Verse > Anthologies > William Stanley Braithwaite, ed. > The Book of Restoration Verse
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William Stanley Braithwaite, ed.  The Book of Restoration Verse.  1910.
 
The Queen’s Marie
Anonymous
 
MARIE HAMILTON’S 1 to the kirk gane,
  Wi’ ribbons in her hair;
The King thought mair o’ Marie Hamilton,
  Than ony that were there.
 
Marie Hamilton’s to the kirk gane,        5
  Wi’ ribbons on her breast;
The King thought mair o’ Marie Hamilton,
  Than he listen’d to the priest.
 
Marie Hamilton’s to the kirk gane,
  Wi’ gloves upon her hands;        10
The King thought mair o’ Marie Hamilton,
  Than the Queen and a’ her lands.
 
She hadna been about the King’s court
  A month, but barely one,
Till she was beloved by a’ the King’s court,        15
  And the King the only man.
 
She hadna been about the King’s court
  A month, but barely three,
Till frae the King’s court Marie Hamilton,
  Marie Hamilton durst na be.        20
 
The King is to the Abbey gane,
  To pu’ the Abbey tree,
To scale the babe frae Marie’s heart;
  But the thing it wadna be.
 
O she has row’d it in her apron,        25
  And set it on the sea:
‘Gae sink ye or swim ye, bonny babe,
  Ye’s get nae mair o’ me.’
 
Word is to the kitchen gane,
  And word is to the ha’,        30
And word is to the noble room,
  Amang the ladyes a’,
That Marie Hamilton’s brought to bed,
  And the bonny babe’s mist and awa’.
 
Scarcely had she lain down again,        35
  And scarcely faen asleep,
When up and started our glide Queen,
  Just at her bed-feet,
Saying, ‘Marie Hamilton, where’s your babe?
  For I am sure I heard it greet.’        40
 
‘O no, O no, my noble Queen!
  Think no sic thing to be!
’Twas but a stitch into my side,
  And sair it troubles me.’
 
‘Get up, get up, Marie Hamilton,        45
  Get up, and follow me,
For I am going to Edinburgh town,
  A rich wedding for to see.’
 
O slowly, slowly raise she up,
  And slowly put she on;        50
And slowly rade she out the way,
  Wi’ mony a weary groan.
 
The Queen was clad in scarlet,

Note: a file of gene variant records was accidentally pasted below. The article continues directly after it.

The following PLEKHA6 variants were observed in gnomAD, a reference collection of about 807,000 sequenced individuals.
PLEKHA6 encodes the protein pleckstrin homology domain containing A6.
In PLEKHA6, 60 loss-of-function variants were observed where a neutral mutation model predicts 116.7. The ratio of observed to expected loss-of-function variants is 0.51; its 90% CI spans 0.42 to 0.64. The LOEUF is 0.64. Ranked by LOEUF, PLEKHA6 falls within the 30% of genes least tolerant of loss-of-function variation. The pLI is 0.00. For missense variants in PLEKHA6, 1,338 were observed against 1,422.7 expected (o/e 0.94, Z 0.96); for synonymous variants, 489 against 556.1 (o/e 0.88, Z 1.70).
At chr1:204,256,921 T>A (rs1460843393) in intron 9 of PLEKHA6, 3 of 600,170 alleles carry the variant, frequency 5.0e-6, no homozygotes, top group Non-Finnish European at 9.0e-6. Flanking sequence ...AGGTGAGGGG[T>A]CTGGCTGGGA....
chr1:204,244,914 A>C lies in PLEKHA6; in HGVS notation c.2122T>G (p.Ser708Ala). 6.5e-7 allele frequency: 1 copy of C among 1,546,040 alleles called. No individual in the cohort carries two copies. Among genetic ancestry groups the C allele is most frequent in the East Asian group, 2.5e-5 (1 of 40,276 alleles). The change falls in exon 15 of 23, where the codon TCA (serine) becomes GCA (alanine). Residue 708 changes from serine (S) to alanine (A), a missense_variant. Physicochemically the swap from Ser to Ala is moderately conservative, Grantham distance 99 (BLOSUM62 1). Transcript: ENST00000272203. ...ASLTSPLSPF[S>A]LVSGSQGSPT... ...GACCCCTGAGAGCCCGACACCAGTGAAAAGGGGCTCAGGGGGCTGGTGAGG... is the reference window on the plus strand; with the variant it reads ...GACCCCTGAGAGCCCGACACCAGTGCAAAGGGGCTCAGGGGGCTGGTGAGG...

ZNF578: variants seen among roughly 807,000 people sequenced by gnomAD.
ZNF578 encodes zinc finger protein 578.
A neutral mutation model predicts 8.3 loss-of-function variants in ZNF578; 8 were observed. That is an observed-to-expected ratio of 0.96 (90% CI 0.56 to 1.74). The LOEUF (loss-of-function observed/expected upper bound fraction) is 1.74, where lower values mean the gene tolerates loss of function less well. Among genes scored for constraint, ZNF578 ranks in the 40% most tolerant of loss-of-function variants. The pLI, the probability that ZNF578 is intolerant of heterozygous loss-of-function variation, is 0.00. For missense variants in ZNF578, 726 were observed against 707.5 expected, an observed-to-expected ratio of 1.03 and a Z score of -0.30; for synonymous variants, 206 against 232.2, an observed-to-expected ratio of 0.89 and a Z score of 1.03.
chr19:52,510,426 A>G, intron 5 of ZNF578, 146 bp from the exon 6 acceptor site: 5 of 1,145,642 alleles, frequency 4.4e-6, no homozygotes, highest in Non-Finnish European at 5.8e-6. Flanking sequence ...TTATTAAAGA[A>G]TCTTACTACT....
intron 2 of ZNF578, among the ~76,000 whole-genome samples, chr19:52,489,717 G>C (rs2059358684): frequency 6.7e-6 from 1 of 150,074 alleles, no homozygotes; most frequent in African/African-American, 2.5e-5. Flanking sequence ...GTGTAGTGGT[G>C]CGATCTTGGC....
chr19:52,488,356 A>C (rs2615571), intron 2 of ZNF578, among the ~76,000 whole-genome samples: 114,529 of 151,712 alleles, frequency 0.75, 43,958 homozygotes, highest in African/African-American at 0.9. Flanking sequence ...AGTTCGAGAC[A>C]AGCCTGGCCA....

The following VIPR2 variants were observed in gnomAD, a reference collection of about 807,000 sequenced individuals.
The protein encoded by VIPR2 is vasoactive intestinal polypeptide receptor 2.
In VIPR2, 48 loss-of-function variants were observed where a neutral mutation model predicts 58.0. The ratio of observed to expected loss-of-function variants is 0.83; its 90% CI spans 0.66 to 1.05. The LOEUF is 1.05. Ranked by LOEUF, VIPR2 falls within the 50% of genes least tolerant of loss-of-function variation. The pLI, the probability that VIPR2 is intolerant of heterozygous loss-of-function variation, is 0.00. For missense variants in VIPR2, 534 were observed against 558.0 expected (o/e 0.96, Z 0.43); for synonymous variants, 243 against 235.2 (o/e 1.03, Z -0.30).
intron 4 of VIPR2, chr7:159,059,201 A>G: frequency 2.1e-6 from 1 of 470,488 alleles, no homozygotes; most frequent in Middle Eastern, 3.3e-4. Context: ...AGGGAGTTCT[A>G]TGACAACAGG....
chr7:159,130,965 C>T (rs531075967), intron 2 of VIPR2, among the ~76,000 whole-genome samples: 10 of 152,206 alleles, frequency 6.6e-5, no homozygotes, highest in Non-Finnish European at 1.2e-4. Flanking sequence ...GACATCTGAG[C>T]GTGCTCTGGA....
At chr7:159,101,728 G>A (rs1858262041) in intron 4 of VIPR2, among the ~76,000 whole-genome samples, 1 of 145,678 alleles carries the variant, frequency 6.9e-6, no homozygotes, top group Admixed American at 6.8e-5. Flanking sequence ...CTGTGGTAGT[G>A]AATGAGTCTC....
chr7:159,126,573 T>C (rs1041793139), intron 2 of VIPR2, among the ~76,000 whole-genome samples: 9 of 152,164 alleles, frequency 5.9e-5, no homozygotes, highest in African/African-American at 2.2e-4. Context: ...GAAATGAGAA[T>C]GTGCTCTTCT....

Her merry maids all in green;
And every town that they cam to,        55
  They took Marie for the Queen.
 
‘Ride hooly, hooly, gentlemen,
  Ride hooly now wi’ me!
For never, I am sure, a wearier burd
  Rade in your companie.’        60
 
But little wist Marie Hamilton,
  When she rade on the brown,
That she was gaen to Edinburgh town,
  And a’ to be put down.
 
‘Why weep ye so, ye burgess wives,        65
  Why look ye so on me?
O, I am going to Edinburgh town,
  A rich wedding for to see!’
 
When she gaed up the Tolbooth stairs,
  The corks frae her heels did flee;        70
And lang or e’er she cam down again,
  She was condemned to die.
 
When she cam to the Netherbow Port,
  She laugh’d loud laughters three;
But when she cam to the gallows foot,        75
  The tears blinded her e’e.
 
‘Yestreen the Queen had four Maries,
  The night she’ll hae but three;
There was Marie Seaton, and Marie Beaton,
  And Marie Carmichael, and me.        80
 
‘O, often have I dressed my Queen,
  And put gowd upon her hair;
But now I’ve gotten for my reward
  The gallows to be my share.
 
‘Often have I dressed my Queen,        85
  And often made her bed:
But now I’ve gotten for my reward
  The gallows tree to tread.
 
‘I charge ye all, ye mariners,
  When ye sail ower the faem,        90
Let neither my father nor mother get wit,
  But that I’m coming hame.
 
‘I charge ye all, ye mariners,
  That sail upon the sea,
That neither my father nor mother get wit,        95
  This dog’s death I’m to die.
 
‘For if my father and mother got wit,
  And my bold brethren three,
O mickle wad be the gude red blude,
  This day wad be spilt for me!        100
 
‘O little did my mother ken,
  The day she cradled me,
The lands I was to travel in,
  Or the death I was to die!’
 
Note 1. From Scott’s Minstrelsy of the Scottish Border, 1833. This ballad, Mr. Lang says (A Collection of Ballads, p. 235), “has caused a great deal of controversy. Queen Mary had no Mary Hamilton among her Four Maries. No Marie was executed for child-murder. But we know, from Knox, that ballads were recited against the Maries, and that one of Mary’s chamber-women was hanged with her lover, a pottinger, or apothecary, for getting rid of her infant. These last facts were certainly basis enough for a ballad, the ballad echoing, not history, but rumour, and rumour adapted to the popular taste. Thus the ballad might have passed unchallenged, as a survival, more or less modified in time, of Queen Mary’s period. But in 1719, a Mary Hamilton, a maid of Honour, of Scottish descent, was executed in Russia, for infanticide. Charles Kirkpatrick Sharpe conceived that this affair was the origin of the ballad, and is followed by Mr. Child.” For a full discussion of this ballad see Mr. Lang’s more extended account in Blackwood’s Magazine, September, 1895, and Professor Child’s English and Scottish Popular Ballads, Part III, p. 381. [back]
 
 
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